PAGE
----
[Israel.pm] Python talk

Mikhael Goikhman migo at homemail.com
Tue Dec 7 12:25:31 PST 2004


On 07 Dec 2004 19:45:18 +0200, Gaal Yahas wrote:
> 
> On Tue, Dec 07, 2004 at 05:34:59PM +0000, Mikhael Goikhman wrote:
> > > I forgot to mention that this approach, apart from potentially being
> > > dangerous due to the ref-reuse prolem, has the obvious limitation that
> > > applicatively equivalent keys will not match elements. I *must* have
> > > $time to restore the value. I will be disappointed if I do
> > > 
> > >     $time2 = [ 100, 200 ];
> > > 	return $CAA->{$time2}; #undef
> > > 
> > > What I typically want for object keys is that they associate to the same
> > > element if they pass (in Javaesque parlance) an isEqual test.
> > 
> > It seems you completely missed my note that this limited technique only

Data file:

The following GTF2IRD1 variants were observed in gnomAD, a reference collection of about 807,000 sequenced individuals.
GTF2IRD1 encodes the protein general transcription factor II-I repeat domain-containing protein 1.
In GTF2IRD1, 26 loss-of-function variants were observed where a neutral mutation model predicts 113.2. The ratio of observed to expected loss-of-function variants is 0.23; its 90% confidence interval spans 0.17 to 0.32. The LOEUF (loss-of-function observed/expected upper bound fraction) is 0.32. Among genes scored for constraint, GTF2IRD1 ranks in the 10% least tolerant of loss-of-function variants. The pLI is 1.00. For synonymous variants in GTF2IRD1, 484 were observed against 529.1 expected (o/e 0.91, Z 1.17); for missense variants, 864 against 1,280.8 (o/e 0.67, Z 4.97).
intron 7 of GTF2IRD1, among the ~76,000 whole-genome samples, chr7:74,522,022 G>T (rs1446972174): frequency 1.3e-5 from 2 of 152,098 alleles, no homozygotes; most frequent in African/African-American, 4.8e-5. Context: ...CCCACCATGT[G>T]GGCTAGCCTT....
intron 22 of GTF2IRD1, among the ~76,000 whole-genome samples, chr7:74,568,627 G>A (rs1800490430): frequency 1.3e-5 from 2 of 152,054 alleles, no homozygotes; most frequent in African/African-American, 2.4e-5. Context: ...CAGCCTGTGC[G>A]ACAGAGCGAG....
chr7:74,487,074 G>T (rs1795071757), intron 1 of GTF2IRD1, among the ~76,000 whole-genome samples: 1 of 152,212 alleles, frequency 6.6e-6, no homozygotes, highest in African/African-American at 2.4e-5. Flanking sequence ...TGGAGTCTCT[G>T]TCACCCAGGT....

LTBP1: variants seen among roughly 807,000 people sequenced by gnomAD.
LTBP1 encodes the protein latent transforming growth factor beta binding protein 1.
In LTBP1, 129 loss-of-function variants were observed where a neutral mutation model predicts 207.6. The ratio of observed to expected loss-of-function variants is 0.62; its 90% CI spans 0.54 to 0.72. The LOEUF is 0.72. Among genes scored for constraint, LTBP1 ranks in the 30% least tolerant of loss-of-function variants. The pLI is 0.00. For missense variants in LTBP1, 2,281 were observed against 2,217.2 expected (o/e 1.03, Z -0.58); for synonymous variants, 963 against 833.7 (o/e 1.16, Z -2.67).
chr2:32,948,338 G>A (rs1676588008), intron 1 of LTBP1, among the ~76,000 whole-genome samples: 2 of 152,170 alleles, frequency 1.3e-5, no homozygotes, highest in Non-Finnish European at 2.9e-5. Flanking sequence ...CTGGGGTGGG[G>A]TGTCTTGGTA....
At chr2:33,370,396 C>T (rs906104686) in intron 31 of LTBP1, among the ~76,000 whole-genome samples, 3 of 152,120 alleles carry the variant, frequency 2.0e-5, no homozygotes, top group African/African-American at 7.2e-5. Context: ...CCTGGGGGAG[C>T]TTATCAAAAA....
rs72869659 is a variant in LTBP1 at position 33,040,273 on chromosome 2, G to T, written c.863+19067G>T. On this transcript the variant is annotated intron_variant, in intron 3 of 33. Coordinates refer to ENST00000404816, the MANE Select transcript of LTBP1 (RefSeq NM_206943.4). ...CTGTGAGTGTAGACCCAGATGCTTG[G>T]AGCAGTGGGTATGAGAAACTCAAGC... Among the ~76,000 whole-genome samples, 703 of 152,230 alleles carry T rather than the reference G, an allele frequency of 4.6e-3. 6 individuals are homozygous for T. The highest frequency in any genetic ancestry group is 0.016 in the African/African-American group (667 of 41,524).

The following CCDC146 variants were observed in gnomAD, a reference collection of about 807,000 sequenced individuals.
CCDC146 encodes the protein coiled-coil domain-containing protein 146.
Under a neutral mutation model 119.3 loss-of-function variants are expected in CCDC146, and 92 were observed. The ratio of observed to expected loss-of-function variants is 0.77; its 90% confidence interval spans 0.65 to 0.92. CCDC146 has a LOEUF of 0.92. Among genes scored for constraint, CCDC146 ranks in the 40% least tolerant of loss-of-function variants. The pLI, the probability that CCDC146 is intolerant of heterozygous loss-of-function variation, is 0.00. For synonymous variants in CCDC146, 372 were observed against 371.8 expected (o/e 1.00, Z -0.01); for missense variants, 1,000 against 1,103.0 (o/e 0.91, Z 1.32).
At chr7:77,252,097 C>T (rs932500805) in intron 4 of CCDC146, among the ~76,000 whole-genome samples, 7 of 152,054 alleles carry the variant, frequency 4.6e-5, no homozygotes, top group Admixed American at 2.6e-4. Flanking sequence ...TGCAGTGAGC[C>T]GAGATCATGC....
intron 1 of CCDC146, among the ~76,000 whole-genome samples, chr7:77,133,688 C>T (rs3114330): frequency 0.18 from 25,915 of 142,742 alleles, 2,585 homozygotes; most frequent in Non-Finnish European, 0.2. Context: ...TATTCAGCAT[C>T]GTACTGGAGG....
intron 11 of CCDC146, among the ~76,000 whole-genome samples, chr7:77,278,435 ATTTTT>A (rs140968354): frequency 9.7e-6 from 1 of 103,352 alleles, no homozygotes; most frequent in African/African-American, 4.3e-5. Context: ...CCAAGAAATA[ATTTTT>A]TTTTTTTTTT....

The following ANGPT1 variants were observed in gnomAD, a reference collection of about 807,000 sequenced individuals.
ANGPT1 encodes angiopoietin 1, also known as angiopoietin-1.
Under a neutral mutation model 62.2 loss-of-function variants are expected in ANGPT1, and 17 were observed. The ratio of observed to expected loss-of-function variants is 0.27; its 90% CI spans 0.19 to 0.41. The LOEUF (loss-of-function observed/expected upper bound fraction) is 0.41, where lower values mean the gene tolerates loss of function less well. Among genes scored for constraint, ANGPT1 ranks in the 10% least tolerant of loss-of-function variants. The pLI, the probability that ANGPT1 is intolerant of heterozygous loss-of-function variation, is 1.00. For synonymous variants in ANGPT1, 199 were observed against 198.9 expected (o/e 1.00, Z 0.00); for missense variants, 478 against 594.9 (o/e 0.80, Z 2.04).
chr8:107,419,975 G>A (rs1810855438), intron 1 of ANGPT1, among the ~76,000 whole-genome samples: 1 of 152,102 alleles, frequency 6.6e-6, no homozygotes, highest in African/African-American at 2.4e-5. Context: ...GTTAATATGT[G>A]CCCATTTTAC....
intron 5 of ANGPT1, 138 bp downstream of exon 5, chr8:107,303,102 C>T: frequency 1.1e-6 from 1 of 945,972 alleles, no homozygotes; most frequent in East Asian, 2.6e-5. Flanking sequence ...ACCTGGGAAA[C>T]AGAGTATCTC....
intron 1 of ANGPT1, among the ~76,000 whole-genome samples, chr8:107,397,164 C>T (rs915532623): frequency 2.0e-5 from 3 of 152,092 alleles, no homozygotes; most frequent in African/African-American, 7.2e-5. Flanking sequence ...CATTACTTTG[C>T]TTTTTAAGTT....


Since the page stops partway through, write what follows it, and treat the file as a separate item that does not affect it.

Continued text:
> > works "if the keys are constant arrays and not variable arrays". :)
> 
> Indeed I did not!
> 
> @constant_array = ( 100, 200 );
> $key1 = \@constant_array;
> $key2 = \@constant_array;

I used "constant" in the "use constant" context. Here is how it works.

    use constant {                                         
        INTERVAL => [ 3.1415, 92653 ],  
        PRODUCT1 => { name => "ice", price => 1E6 },
    };
    $hash{&INTERVAL} = 58979;
    $hash{&PRODUCT1} = "constant arrayref and hashref as hash keys";
    print "$hash{&PRODUCT1}, $hash{&INTERVAL}\n", keys %hash, "\n";

Regards,
Mikhael.

-- 
perl -e 'print+chr(64+hex)for+split//,d9b815c07f9b8d1e'



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